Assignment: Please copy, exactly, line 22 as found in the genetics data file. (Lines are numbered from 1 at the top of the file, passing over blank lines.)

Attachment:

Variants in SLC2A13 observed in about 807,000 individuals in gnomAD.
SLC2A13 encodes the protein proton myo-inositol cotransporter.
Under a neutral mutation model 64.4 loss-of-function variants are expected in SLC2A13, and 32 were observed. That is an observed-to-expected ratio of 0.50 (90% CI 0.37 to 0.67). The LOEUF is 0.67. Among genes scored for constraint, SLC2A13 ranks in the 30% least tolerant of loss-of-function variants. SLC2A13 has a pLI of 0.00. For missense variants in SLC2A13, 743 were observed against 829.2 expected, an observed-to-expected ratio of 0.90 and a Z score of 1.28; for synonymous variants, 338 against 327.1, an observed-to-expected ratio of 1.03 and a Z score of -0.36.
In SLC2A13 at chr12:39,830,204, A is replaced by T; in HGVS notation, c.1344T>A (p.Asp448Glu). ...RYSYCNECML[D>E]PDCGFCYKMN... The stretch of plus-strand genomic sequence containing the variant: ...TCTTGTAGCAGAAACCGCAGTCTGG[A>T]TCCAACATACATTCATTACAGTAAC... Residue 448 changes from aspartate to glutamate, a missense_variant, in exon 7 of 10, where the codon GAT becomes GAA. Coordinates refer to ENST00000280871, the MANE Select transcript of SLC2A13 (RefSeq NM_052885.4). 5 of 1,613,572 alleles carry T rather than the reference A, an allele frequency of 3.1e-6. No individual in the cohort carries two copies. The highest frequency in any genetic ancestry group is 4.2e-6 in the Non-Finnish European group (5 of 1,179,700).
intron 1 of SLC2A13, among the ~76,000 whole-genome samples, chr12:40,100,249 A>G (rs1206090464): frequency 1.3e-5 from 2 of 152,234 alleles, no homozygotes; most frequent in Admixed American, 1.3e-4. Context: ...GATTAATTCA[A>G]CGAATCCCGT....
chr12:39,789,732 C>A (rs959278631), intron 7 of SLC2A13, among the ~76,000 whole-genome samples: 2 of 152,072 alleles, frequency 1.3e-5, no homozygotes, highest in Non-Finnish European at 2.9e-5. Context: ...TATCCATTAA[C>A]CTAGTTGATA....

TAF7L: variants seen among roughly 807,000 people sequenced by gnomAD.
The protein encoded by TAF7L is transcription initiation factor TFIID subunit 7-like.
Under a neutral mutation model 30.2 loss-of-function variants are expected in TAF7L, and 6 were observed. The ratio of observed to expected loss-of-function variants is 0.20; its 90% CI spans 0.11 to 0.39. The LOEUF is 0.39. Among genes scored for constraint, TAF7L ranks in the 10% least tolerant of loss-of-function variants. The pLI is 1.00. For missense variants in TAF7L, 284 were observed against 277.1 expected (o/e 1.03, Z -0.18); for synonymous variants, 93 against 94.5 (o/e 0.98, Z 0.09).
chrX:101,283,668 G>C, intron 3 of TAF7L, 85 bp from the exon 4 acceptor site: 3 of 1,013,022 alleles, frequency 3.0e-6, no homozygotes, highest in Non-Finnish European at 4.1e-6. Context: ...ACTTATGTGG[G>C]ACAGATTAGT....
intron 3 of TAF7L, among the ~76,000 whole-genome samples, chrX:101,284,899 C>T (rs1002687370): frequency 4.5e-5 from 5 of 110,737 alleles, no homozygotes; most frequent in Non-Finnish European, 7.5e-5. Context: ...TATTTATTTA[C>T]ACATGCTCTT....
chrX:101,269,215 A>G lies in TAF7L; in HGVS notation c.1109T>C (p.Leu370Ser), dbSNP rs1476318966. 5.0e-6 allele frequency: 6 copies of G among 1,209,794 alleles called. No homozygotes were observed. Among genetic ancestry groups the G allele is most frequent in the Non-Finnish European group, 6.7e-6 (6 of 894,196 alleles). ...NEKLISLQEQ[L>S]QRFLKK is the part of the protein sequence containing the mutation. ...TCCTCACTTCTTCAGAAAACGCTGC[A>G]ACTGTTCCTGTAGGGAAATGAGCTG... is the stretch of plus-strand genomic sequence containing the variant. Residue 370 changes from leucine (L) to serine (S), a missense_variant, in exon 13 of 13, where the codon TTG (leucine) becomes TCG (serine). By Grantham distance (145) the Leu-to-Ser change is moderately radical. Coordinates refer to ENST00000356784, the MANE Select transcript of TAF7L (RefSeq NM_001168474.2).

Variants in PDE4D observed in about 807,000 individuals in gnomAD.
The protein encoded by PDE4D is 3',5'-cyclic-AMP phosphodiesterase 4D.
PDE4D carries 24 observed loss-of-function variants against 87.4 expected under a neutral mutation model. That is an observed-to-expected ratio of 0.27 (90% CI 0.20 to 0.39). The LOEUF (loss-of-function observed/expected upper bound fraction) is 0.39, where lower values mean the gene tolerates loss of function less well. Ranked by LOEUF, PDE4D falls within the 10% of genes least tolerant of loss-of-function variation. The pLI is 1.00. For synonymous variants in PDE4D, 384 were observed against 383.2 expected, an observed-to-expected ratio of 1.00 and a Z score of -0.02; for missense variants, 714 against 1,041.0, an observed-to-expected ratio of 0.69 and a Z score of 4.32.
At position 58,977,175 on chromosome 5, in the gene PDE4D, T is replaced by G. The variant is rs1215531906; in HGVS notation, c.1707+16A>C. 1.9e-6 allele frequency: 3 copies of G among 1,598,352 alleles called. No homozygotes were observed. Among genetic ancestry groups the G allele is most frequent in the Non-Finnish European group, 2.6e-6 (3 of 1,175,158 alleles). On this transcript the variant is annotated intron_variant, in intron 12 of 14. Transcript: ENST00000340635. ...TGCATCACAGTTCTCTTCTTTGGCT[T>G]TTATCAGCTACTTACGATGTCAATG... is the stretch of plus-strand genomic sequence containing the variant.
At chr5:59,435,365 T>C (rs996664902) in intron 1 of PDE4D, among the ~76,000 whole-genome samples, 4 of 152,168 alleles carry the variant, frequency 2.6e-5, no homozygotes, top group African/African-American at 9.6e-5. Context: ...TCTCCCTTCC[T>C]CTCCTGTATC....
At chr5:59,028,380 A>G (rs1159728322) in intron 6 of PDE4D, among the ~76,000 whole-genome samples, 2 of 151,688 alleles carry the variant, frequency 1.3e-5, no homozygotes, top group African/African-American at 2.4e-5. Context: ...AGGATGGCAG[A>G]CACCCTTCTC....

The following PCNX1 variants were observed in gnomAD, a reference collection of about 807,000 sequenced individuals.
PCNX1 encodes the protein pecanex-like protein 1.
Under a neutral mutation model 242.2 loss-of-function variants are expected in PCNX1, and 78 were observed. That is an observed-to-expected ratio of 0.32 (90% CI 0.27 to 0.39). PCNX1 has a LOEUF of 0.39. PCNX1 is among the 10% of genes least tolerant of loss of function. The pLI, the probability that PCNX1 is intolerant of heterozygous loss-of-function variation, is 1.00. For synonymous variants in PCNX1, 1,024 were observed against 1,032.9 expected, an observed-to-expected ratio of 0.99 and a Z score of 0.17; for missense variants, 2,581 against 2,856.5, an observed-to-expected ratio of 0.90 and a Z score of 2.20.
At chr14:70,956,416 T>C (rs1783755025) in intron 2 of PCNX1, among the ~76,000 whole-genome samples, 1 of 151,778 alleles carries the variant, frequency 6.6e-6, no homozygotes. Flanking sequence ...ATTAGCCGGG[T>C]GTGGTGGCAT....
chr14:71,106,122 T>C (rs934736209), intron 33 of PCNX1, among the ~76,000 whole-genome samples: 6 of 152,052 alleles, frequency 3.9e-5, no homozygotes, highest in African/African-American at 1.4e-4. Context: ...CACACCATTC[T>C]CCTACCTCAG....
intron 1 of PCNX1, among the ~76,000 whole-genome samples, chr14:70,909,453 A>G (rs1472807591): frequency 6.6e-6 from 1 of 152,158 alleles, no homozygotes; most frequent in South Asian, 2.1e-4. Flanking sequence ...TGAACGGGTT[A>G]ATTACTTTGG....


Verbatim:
At chr14:70,956,416 T>C (rs1783755025) in intron 2 of PCNX1, among the ~76,000 whole-genome samples, 1 of 151,778 alleles carries the variant, frequency 6.6e-6, no homozygotes. Flanking sequence ...ATTAGCCGGG[T>C]GTGGTGGCAT....